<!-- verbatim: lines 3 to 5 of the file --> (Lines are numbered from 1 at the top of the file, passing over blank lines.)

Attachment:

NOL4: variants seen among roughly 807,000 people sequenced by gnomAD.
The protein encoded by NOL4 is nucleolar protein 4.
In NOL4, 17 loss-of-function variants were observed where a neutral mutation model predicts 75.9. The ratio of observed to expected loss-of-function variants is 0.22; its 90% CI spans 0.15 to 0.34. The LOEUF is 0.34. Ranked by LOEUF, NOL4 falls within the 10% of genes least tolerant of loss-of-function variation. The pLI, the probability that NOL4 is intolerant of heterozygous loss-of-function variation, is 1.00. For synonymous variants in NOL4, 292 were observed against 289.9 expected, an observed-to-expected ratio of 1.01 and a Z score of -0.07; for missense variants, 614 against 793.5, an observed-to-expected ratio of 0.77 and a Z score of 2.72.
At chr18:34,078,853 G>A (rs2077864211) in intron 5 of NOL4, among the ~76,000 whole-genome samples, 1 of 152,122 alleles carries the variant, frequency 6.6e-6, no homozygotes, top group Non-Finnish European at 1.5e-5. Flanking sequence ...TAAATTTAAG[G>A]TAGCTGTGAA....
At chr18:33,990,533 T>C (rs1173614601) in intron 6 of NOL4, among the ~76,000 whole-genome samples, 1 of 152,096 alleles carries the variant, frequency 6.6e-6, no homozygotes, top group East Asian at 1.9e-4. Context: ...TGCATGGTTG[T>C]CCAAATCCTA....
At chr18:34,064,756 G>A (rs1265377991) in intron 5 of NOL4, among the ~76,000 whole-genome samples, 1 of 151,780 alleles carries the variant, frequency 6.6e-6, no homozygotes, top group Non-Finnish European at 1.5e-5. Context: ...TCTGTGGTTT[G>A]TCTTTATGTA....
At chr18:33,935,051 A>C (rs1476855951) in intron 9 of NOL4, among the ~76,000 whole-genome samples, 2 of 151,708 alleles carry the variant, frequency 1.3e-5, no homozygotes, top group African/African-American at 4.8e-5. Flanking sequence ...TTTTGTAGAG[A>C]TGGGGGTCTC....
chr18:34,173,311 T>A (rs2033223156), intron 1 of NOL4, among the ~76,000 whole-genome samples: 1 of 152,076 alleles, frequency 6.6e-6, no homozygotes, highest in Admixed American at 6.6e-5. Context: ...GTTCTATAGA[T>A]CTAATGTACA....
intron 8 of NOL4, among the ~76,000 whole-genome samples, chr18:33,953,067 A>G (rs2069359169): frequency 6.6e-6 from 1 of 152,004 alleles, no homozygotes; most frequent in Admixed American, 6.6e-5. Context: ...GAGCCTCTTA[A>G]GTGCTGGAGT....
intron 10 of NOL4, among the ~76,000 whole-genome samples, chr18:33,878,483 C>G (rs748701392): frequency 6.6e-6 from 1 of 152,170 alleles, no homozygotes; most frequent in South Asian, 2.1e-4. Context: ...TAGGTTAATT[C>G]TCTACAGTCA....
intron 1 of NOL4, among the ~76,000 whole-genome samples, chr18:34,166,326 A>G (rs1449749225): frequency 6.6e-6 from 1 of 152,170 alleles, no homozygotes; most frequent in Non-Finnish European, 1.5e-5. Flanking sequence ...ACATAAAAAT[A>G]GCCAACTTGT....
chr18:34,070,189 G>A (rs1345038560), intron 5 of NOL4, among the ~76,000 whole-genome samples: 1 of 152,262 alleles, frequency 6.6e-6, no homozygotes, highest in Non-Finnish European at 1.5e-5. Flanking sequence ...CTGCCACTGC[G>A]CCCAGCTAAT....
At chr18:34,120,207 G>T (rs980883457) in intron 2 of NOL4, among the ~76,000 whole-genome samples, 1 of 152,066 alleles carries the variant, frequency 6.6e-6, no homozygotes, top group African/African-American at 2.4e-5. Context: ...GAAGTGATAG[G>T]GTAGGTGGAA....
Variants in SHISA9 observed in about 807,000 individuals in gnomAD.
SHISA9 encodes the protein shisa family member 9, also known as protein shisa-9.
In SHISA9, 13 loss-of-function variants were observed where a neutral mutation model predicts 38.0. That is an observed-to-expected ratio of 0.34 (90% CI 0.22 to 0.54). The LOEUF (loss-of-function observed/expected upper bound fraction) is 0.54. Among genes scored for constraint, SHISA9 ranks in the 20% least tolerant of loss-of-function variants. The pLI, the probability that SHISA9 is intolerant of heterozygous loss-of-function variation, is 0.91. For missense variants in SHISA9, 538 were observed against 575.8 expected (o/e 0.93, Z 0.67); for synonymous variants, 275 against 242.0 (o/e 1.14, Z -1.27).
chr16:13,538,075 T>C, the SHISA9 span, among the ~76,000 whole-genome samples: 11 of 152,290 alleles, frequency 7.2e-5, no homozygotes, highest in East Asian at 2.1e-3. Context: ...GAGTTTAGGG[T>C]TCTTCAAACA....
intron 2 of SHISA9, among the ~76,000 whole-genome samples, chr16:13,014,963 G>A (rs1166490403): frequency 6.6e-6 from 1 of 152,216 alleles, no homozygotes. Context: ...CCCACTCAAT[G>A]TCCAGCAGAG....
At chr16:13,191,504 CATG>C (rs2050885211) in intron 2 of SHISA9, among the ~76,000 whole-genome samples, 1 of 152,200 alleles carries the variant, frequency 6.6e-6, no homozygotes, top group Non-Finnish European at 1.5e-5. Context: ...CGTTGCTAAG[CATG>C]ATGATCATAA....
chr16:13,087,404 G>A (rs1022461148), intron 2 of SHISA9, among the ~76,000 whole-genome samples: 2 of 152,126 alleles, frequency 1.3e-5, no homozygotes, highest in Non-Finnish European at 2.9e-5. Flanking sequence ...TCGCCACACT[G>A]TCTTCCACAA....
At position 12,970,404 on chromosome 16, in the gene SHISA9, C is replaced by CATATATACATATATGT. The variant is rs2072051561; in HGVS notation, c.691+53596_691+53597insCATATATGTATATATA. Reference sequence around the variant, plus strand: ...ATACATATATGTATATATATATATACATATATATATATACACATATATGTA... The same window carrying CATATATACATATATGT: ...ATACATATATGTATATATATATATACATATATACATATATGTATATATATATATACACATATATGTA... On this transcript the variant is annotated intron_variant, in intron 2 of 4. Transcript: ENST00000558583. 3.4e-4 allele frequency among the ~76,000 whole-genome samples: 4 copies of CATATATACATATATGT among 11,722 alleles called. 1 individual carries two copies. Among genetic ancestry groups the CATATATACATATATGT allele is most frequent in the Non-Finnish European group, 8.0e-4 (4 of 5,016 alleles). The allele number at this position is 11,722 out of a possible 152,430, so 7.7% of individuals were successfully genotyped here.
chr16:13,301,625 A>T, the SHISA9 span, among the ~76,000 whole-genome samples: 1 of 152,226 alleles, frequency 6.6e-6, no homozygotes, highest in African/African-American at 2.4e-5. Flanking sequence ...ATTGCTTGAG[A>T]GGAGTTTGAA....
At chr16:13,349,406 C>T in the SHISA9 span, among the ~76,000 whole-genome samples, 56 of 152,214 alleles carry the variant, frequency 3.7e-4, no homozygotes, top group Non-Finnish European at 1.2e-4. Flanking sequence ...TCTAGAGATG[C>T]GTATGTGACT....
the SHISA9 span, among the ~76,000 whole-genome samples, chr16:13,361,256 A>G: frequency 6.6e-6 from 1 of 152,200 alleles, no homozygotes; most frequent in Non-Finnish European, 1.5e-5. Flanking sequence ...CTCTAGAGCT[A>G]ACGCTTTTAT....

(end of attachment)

In NOL4, 17 loss-of-function variants were observed where a neutral mutation model predicts 75.9. The ratio of observed to expected loss-of-function variants is 0.22; its 90% CI spans 0.15 to 0.34. The LOEUF is 0.34. Ranked by LOEUF, NOL4 falls within the 10% of genes least tolerant of loss-of-function variation. The pLI, the probability that NOL4 is intolerant of heterozygous loss-of-function variation, is 1.00. For synonymous variants in NOL4, 292 were observed against 289.9 expected, an observed-to-expected ratio of 1.01 and a Z score of -0.07; for missense variants, 614 against 793.5, an observed-to-expected ratio of 0.77 and a Z score of 2.72.
At chr18:34,078,853 G>A (rs2077864211) in intron 5 of NOL4, among the ~76,000 whole-genome samples, 1 of 152,122 alleles carries the variant, frequency 6.6e-6, no homozygotes, top group Non-Finnish European at 1.5e-5. Flanking sequence ...TAAATTTAAG[G>A]TAGCTGTGAA....
At chr18:33,990,533 T>C (rs1173614601) in intron 6 of NOL4, among the ~76,000 whole-genome samples, 1 of 152,096 alleles carries the variant, frequency 6.6e-6, no homozygotes, top group East Asian at 1.9e-4. Context: ...TGCATGGTTG[T>C]CCAAATCCTA....